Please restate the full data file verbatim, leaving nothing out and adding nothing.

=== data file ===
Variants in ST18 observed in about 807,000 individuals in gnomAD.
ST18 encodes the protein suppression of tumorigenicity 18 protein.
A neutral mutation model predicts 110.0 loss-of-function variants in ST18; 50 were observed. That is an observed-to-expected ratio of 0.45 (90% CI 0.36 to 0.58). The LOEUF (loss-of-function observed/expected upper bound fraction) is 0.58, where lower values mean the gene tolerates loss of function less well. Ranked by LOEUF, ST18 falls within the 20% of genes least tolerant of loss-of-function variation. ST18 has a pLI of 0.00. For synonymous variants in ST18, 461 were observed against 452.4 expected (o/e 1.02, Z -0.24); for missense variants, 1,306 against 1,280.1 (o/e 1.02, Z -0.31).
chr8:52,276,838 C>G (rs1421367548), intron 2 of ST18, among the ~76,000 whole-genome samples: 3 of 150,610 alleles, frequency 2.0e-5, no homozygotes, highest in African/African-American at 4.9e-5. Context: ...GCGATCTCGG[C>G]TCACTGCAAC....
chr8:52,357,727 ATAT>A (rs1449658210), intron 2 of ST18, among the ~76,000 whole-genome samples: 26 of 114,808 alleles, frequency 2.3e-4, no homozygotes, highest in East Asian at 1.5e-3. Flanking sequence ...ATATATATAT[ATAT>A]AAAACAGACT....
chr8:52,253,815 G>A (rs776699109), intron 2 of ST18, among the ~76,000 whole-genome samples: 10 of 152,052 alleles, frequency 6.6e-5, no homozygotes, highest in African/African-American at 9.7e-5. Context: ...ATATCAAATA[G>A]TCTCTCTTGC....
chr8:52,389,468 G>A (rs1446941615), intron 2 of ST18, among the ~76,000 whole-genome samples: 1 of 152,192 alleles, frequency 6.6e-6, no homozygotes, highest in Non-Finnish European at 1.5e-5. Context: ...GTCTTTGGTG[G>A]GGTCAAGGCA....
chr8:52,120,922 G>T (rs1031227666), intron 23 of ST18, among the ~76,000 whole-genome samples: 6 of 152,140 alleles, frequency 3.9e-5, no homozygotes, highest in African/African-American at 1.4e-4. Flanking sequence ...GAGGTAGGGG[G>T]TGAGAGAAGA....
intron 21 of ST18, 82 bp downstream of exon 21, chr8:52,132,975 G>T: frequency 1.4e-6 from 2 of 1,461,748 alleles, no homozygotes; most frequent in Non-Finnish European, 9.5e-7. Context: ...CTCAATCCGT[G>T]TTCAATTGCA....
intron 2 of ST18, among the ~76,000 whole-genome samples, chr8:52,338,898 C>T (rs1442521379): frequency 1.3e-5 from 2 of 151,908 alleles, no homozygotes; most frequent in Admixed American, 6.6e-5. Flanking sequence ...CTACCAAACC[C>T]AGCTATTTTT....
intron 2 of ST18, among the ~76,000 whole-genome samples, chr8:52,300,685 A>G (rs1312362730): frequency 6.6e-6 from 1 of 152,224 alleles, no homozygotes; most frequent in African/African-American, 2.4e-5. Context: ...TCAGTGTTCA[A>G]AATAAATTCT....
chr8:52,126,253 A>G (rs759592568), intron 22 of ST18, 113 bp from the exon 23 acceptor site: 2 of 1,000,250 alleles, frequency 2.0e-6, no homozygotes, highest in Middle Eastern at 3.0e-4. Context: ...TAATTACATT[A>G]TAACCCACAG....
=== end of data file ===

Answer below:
Variants in ST18 observed in about 807,000 individuals in gnomAD.
ST18 encodes the protein suppression of tumorigenicity 18 protein.
A neutral mutation model predicts 110.0 loss-of-function variants in ST18; 50 were observed. That is an observed-to-expected ratio of 0.45 (90% CI 0.36 to 0.58). The LOEUF (loss-of-function observed/expected upper bound fraction) is 0.58, where lower values mean the gene tolerates loss of function less well. Ranked by LOEUF, ST18 falls within the 20% of genes least tolerant of loss-of-function variation. ST18 has a pLI of 0.00. For synonymous variants in ST18, 461 were observed against 452.4 expected (o/e 1.02, Z -0.24); for missense variants, 1,306 against 1,280.1 (o/e 1.02, Z -0.31).
chr8:52,276,838 C>G (rs1421367548), intron 2 of ST18, among the ~76,000 whole-genome samples: 3 of 150,610 alleles, frequency 2.0e-5, no homozygotes, highest in African/African-American at 4.9e-5. Context: ...GCGATCTCGG[C>G]TCACTGCAAC....
chr8:52,357,727 ATAT>A (rs1449658210), intron 2 of ST18, among the ~76,000 whole-genome samples: 26 of 114,808 alleles, frequency 2.3e-4, no homozygotes, highest in East Asian at 1.5e-3. Flanking sequence ...ATATATATAT[ATAT>A]AAAACAGACT....
chr8:52,253,815 G>A (rs776699109), intron 2 of ST18, among the ~76,000 whole-genome samples: 10 of 152,052 alleles, frequency 6.6e-5, no homozygotes, highest in African/African-American at 9.7e-5. Context: ...ATATCAAATA[G>A]TCTCTCTTGC....
chr8:52,389,468 G>A (rs1446941615), intron 2 of ST18, among the ~76,000 whole-genome samples: 1 of 152,192 alleles, frequency 6.6e-6, no homozygotes, highest in Non-Finnish European at 1.5e-5. Context: ...GTCTTTGGTG[G>A]GGTCAAGGCA....
chr8:52,120,922 G>T (rs1031227666), intron 23 of ST18, among the ~76,000 whole-genome samples: 6 of 152,140 alleles, frequency 3.9e-5, no homozygotes, highest in African/African-American at 1.4e-4. Flanking sequence ...GAGGTAGGGG[G>T]TGAGAGAAGA....
intron 21 of ST18, 82 bp downstream of exon 21, chr8:52,132,975 G>T: frequency 1.4e-6 from 2 of 1,461,748 alleles, no homozygotes; most frequent in Non-Finnish European, 9.5e-7. Context: ...CTCAATCCGT[G>T]TTCAATTGCA....
intron 2 of ST18, among the ~76,000 whole-genome samples, chr8:52,338,898 C>T (rs1442521379): frequency 1.3e-5 from 2 of 151,908 alleles, no homozygotes; most frequent in Admixed American, 6.6e-5. Flanking sequence ...CTACCAAACC[C>T]AGCTATTTTT....
intron 2 of ST18, among the ~76,000 whole-genome samples, chr8:52,300,685 A>G (rs1312362730): frequency 6.6e-6 from 1 of 152,224 alleles, no homozygotes; most frequent in African/African-American, 2.4e-5. Context: ...TCAGTGTTCA[A>G]AATAAATTCT....
chr8:52,126,253 A>G (rs759592568), intron 22 of ST18, 113 bp from the exon 23 acceptor site: 2 of 1,000,250 alleles, frequency 2.0e-6, no homozygotes, highest in Middle Eastern at 3.0e-4. Context: ...TAATTACATT[A>G]TAACCCACAG....